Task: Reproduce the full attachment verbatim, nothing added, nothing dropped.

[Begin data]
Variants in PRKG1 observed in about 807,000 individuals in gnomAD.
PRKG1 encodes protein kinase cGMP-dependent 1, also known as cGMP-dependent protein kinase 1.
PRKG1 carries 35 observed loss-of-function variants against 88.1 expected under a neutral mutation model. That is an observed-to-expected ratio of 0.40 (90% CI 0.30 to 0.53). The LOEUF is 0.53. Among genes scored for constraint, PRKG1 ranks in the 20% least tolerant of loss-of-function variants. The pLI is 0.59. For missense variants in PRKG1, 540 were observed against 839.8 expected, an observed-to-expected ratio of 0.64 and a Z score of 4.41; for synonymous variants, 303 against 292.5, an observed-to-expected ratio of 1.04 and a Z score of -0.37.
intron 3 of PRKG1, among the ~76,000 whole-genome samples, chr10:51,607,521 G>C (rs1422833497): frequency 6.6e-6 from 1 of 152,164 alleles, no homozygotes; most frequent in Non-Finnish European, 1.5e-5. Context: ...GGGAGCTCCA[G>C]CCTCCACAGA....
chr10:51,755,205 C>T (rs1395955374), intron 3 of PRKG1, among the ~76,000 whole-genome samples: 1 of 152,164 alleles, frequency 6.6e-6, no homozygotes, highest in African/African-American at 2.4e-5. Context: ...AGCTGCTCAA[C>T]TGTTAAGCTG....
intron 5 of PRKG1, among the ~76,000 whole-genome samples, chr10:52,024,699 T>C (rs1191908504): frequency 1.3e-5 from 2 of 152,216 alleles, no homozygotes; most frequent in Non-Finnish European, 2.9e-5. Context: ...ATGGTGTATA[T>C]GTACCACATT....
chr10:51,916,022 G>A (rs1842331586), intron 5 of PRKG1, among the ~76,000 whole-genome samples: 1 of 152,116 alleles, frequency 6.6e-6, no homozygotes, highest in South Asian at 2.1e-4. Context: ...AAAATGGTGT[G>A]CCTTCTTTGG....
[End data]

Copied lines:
Variants in PRKG1 observed in about 807,000 individuals in gnomAD.
PRKG1 encodes protein kinase cGMP-dependent 1, also known as cGMP-dependent protein kinase 1.
PRKG1 carries 35 observed loss-of-function variants against 88.1 expected under a neutral mutation model. That is an observed-to-expected ratio of 0.40 (90% CI 0.30 to 0.53). The LOEUF is 0.53. Among genes scored for constraint, PRKG1 ranks in the 20% least tolerant of loss-of-function variants. The pLI is 0.59. For missense variants in PRKG1, 540 were observed against 839.8 expected, an observed-to-expected ratio of 0.64 and a Z score of 4.41; for synonymous variants, 303 against 292.5, an observed-to-expected ratio of 1.04 and a Z score of -0.37.
intron 3 of PRKG1, among the ~76,000 whole-genome samples, chr10:51,607,521 G>C (rs1422833497): frequency 6.6e-6 from 1 of 152,164 alleles, no homozygotes; most frequent in Non-Finnish European, 1.5e-5. Context: ...GGGAGCTCCA[G>C]CCTCCACAGA....
chr10:51,755,205 C>T (rs1395955374), intron 3 of PRKG1, among the ~76,000 whole-genome samples: 1 of 152,164 alleles, frequency 6.6e-6, no homozygotes, highest in African/African-American at 2.4e-5. Context: ...AGCTGCTCAA[C>T]TGTTAAGCTG....
intron 5 of PRKG1, among the ~76,000 whole-genome samples, chr10:52,024,699 T>C (rs1191908504): frequency 1.3e-5 from 2 of 152,216 alleles, no homozygotes; most frequent in Non-Finnish European, 2.9e-5. Context: ...ATGGTGTATA[T>C]GTACCACATT....
chr10:51,916,022 G>A (rs1842331586), intron 5 of PRKG1, among the ~76,000 whole-genome samples: 1 of 152,116 alleles, frequency 6.6e-6, no homozygotes, highest in South Asian at 2.1e-4. Context: ...AAAATGGTGT[G>A]CCTTCTTTGG....